Date: 2017-08-07

al-Faḍl b. al-Ḥubāb

(954 words)

Author(s): Mourad, Suleiman A.
Abū Khalīfa al-Faḍl b. al-Ḥubāb b. Muḥammad b. Shuʿayb al-Jumaḥī (206–305/821–917) was a well-known ḥadīth scholar and littérateur from Basra. He was renowned for his sense of humour and self-deprecation, and his company was often sought by governors and scholars, especially over meals. He loved poetry and is frequently cited in mediaeval books as having recited or transmitted many lines of poetry by pre-Islamic and early Islamic poets. He also developed and was known for speaking in rhymed prose (sajaʿ). According to some sources, al-Faḍl b. al-Ḥubāb was blind, but he pro…
Date: 2017-08-07

al-Faḍl b. Marwān

(615 words)

Author(s): Gordon, Matthew S.
Al-Faḍl b. Marwān (b. c. 160/777, d. 250/864) was an ʿAbbāsid courtier and diplomat. Dominique Sourdel has assessed the information available in the Arabic sources: the central references are found in al-Ṭabarī’s Taʾrīkh, with further details provided by the Taʾrīkh of al-Yaʿqūbī and other historiographic works and by select adab texts, notably al-Tanūkhī’s Nishwār al-muḥādara, the source of key remarks. Al-Faḍl’s career is to be set against the backdrop of two interrelated developments: the expansion of the ʿAbbāsid imperial state, in which the employme…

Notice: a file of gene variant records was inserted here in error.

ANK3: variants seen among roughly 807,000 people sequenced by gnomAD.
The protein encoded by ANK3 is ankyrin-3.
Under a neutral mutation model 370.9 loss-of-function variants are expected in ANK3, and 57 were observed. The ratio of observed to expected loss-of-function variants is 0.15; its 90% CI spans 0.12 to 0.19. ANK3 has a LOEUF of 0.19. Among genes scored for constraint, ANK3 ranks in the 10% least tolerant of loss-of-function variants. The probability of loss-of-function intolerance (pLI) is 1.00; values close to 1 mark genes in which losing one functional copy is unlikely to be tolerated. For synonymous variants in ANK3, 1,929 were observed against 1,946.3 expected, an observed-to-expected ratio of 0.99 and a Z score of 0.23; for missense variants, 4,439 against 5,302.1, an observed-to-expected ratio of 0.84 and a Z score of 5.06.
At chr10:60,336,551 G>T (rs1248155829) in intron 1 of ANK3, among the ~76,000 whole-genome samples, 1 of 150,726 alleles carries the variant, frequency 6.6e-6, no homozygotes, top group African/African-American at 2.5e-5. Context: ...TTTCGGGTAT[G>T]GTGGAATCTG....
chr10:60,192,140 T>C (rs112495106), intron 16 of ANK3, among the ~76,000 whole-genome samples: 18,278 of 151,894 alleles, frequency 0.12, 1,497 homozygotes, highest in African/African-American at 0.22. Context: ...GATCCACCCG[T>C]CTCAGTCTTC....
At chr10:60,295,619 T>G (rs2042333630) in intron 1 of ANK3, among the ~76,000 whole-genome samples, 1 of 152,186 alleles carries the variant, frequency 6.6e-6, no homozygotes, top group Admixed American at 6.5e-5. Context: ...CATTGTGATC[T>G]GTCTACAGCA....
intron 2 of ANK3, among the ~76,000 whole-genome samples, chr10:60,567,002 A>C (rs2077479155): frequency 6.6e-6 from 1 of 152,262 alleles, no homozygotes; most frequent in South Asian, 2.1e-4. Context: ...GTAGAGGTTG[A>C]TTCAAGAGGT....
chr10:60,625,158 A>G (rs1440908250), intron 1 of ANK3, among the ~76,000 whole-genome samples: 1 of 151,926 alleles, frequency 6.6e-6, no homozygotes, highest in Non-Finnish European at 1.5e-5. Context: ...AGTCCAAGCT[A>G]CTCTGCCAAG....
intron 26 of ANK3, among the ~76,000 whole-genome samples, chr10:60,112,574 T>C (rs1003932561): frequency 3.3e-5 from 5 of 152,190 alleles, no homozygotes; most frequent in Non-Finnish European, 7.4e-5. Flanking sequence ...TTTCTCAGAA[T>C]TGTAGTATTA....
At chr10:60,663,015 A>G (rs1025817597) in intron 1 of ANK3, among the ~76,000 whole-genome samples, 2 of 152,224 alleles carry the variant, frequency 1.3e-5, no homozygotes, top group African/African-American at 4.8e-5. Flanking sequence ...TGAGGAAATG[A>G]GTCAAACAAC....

Date: 2017-08-07

al-Faḍl b. al-Rabīʿ

(644 words)

Author(s): Turner, John P.
Al-Faḍl b. al-Rabīʿ (b. 138/757–8) was a prominent and skilled court intriguer during the reigns of the caliphs al-Hādī (169–70/785–6), al-Rashīd (170–93/786–809), and al-Amīn (193–8/809–13). He held the position of ḥājib (chamberlain) and thus exercised considerable control over access to the caliph and the caliph’s access to information. He also acted as wazīr for al-Amīn. He rose to power under the auspices of his father, who had been ḥājib before him. His father is reported to have risen from humble circumstances to great power. Al-Faḍl was well positioned w…
Date: 2017-08-07

al-Faḍl b. Sahl